Trial Registration  clinicaltrials.gov Identifier: NCT00045773

Figures in this Article

Late-life depression (LLD) produces significant morbidity and mortality, making it an important public health issue given the growing number of elderly persons. The heterogeneity of LLD has been well described, including the large degree of medical comorbidity, especially vascular risk factors (eg, cardiovascular disease, stroke, hypertension, and diabetes).15 Vascular disease may contribute to LLD by affecting subcortical structures involved in mood regulation and the white matter pathways that connect these structures to frontal cortex.6 Research on vascular depression has developed 2 ways of subtyping LLD: (1) those identified clinically by neuropsychological characteristics, especially executive dysfunction; and (2) those identified by brain magnetic resonance imaging (MRI) characteristics. In the subtype consisting of patients characterized as having executive dysfunction,7,8 vascular depression has been characterized clinically as a “depression-executive dysfunction syndrome of late life.”8 Despite enthusiasm for this theory,9 few studies have examined the predictive utility of cognitive function in understanding the course and outcome of LLD. A recent study by Alexopoulos et al10 prospectively examined neuropsychological function in predicting treatment outcome in LLD and found a significant negative effect of executive function on treatment outcome, suggesting an important role for cognitive function in understanding the course of LLD.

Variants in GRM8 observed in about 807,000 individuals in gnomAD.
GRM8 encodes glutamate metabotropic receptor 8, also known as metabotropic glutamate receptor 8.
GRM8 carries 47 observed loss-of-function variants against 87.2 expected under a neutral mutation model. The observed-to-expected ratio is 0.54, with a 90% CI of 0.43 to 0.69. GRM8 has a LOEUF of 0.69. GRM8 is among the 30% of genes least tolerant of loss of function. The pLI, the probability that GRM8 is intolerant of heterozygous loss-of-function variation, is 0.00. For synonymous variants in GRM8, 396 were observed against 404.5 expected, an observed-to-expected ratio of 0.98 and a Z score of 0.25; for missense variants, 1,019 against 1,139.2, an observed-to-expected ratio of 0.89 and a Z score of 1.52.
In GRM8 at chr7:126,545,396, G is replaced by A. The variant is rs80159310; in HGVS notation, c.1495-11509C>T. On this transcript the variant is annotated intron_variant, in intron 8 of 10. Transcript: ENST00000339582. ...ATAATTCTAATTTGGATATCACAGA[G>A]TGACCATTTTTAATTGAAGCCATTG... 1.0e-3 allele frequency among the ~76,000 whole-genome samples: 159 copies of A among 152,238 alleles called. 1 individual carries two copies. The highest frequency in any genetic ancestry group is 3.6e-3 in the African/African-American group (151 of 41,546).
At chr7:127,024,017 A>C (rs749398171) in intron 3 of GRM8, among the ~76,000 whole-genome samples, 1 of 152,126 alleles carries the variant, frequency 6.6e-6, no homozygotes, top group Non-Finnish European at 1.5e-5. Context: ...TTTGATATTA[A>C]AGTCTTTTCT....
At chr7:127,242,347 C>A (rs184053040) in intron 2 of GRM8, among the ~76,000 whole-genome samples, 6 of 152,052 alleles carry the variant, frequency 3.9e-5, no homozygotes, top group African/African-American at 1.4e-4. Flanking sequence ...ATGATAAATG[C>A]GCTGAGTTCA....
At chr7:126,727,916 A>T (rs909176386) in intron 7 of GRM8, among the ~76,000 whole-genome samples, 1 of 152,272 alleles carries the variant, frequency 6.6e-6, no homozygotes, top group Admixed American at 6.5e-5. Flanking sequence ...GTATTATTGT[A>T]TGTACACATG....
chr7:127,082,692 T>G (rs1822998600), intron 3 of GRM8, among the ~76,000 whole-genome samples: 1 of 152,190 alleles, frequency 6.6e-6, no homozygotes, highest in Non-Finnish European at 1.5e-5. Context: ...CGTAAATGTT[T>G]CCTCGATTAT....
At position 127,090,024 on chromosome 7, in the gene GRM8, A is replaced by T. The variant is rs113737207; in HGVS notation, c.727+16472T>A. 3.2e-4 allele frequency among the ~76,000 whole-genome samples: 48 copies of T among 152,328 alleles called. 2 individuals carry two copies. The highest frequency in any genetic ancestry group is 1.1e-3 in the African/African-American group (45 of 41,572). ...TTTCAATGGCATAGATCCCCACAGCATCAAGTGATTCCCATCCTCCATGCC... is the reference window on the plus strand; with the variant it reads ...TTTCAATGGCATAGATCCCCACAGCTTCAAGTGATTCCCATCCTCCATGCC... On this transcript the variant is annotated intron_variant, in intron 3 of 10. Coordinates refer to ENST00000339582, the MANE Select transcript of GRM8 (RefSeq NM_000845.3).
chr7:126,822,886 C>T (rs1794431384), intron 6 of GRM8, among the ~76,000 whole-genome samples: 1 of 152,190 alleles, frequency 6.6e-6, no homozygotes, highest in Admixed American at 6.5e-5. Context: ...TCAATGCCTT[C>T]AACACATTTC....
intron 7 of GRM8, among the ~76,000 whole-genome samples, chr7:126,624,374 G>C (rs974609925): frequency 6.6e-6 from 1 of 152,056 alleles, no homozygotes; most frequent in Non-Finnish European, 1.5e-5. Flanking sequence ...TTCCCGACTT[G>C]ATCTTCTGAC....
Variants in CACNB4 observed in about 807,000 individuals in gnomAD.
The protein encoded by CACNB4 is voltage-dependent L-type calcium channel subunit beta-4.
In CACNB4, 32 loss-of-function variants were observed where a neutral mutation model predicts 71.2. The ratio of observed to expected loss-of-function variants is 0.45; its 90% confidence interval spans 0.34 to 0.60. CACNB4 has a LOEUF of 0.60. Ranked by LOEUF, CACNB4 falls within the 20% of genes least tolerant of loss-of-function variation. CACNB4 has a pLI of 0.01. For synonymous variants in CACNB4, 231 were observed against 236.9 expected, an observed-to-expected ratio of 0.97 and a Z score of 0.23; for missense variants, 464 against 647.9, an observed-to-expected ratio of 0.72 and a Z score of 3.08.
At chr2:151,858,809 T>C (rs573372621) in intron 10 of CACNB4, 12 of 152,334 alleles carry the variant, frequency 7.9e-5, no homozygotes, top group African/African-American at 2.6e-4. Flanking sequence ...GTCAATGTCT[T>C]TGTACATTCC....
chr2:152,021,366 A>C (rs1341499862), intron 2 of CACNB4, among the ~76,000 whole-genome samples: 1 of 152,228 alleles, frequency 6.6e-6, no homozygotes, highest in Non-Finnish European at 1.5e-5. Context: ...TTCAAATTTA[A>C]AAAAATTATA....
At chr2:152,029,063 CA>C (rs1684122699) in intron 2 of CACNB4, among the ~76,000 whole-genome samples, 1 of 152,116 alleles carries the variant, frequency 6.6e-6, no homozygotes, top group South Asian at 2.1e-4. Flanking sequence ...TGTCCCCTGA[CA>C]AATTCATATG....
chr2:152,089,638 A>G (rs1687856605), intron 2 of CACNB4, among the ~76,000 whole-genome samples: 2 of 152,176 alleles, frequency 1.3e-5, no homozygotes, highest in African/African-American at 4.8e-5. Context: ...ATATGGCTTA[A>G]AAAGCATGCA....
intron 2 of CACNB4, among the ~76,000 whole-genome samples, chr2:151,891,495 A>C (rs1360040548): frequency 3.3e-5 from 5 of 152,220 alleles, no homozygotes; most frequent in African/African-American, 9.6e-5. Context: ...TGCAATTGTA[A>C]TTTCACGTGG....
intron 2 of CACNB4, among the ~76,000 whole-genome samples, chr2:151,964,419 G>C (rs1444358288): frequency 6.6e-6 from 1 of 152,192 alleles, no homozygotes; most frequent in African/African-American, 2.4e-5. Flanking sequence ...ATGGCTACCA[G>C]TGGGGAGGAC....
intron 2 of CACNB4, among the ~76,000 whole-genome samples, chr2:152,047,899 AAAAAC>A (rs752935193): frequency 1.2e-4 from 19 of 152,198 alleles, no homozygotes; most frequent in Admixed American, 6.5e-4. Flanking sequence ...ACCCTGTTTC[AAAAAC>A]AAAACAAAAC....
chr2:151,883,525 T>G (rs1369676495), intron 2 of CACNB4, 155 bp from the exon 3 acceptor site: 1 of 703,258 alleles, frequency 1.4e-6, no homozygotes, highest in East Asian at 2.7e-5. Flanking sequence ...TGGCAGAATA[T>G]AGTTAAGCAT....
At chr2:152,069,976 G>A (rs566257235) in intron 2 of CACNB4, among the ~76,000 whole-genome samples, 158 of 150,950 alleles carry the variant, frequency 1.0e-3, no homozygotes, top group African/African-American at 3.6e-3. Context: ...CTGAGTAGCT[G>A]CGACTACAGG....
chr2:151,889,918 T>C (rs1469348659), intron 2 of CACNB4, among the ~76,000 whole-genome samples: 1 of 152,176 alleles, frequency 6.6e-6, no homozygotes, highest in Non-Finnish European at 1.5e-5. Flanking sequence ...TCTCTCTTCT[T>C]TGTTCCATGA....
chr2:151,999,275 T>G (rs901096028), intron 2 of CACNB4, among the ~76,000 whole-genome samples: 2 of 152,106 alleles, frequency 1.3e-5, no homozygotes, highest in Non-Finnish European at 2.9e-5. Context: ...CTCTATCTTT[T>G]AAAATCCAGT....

A second subtype description of vascular depression, “MRI-defined vascular depression,”11 is defined by the presence and severity of white matter hyperintensities (WMHs), which are thought to be produced by small, silent cerebral infarctions.12 Increased WMH severity is a well-replicated finding in elderly subject groups with depression,1319 although there are negative studies as well.20,21 Several factors contribute importantly to the pathogenesis of WMH, particularly age22 and medical comorbidity, especially hypertension23 diabetes mellitus,24 cardiovascular disease,25 and overall higher Framingham risk factor score.26,27

Although each of these two ways of subtyping LLD have been shown to have clinical relevance, few studies have attempted to clarify the relationship between neuropsychological function and WMH in predicting course and outcome in LLD. Thus, in the current study, these two different ways of subtyping vascular depression, namely neuropsychological function variables and WMH severity, were used to predict course of illness over 12 weeks of antidepressant treatment in LLD. We hypothesized that impaired baseline neuropsychological performance, particularly processing speed and executive function, would predict poorer clinical response in a prospective treatment trial using sertraline. In addition, we hypothesized that increased baseline WMH severity would predict worse clinical outcome and that there would be an association between WMH and executive dysfunction in predicting poor treatment response. The study was conducted at 2 sites to increase sample size and our ability to generalize our results to the larger population of LLD.

SUBJECTS